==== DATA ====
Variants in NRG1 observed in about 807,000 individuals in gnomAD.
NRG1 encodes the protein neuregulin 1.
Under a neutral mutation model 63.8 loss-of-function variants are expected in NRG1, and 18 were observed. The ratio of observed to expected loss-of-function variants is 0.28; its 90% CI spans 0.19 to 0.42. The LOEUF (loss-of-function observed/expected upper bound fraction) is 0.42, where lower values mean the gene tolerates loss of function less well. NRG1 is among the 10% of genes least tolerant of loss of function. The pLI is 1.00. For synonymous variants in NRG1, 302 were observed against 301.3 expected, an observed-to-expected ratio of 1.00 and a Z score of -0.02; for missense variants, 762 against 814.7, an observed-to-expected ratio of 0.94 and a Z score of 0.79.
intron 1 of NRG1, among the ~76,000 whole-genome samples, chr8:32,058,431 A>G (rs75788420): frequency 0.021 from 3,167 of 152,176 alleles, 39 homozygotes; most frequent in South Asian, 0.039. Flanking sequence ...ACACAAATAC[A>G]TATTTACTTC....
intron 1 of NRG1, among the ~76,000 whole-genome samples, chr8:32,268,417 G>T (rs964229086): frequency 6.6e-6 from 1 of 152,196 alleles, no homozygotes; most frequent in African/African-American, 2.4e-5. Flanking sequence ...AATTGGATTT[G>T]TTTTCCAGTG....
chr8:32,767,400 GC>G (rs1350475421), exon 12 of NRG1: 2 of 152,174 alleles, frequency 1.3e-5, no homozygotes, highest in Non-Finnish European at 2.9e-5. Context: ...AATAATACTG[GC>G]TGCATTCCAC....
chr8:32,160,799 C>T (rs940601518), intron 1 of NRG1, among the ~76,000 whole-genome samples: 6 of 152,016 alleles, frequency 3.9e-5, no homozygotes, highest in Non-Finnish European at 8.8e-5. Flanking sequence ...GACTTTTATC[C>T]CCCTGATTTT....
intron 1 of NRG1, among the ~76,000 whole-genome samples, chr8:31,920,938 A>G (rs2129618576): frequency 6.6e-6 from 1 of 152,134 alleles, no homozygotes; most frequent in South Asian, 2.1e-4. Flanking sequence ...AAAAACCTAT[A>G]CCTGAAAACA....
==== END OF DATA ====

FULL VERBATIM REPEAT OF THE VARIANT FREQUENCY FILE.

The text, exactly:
Variants in NRG1 observed in about 807,000 individuals in gnomAD.
NRG1 encodes the protein neuregulin 1.
Under a neutral mutation model 63.8 loss-of-function variants are expected in NRG1, and 18 were observed. The ratio of observed to expected loss-of-function variants is 0.28; its 90% CI spans 0.19 to 0.42. The LOEUF (loss-of-function observed/expected upper bound fraction) is 0.42, where lower values mean the gene tolerates loss of function less well. NRG1 is among the 10% of genes least tolerant of loss of function. The pLI is 1.00. For synonymous variants in NRG1, 302 were observed against 301.3 expected, an observed-to-expected ratio of 1.00 and a Z score of -0.02; for missense variants, 762 against 814.7, an observed-to-expected ratio of 0.94 and a Z score of 0.79.
intron 1 of NRG1, among the ~76,000 whole-genome samples, chr8:32,058,431 A>G (rs75788420): frequency 0.021 from 3,167 of 152,176 alleles, 39 homozygotes; most frequent in South Asian, 0.039. Flanking sequence ...ACACAAATAC[A>G]TATTTACTTC....
intron 1 of NRG1, among the ~76,000 whole-genome samples, chr8:32,268,417 G>T (rs964229086): frequency 6.6e-6 from 1 of 152,196 alleles, no homozygotes; most frequent in African/African-American, 2.4e-5. Flanking sequence ...AATTGGATTT[G>T]TTTTCCAGTG....
chr8:32,767,400 GC>G (rs1350475421), exon 12 of NRG1: 2 of 152,174 alleles, frequency 1.3e-5, no homozygotes, highest in Non-Finnish European at 2.9e-5. Context: ...AATAATACTG[GC>G]TGCATTCCAC....
chr8:32,160,799 C>T (rs940601518), intron 1 of NRG1, among the ~76,000 whole-genome samples: 6 of 152,016 alleles, frequency 3.9e-5, no homozygotes, highest in Non-Finnish European at 8.8e-5. Flanking sequence ...GACTTTTATC[C>T]CCCTGATTTT....
intron 1 of NRG1, among the ~76,000 whole-genome samples, chr8:31,920,938 A>G (rs2129618576): frequency 6.6e-6 from 1 of 152,134 alleles, no homozygotes; most frequent in South Asian, 2.1e-4. Flanking sequence ...AAAAACCTAT[A>G]CCTGAAAACA....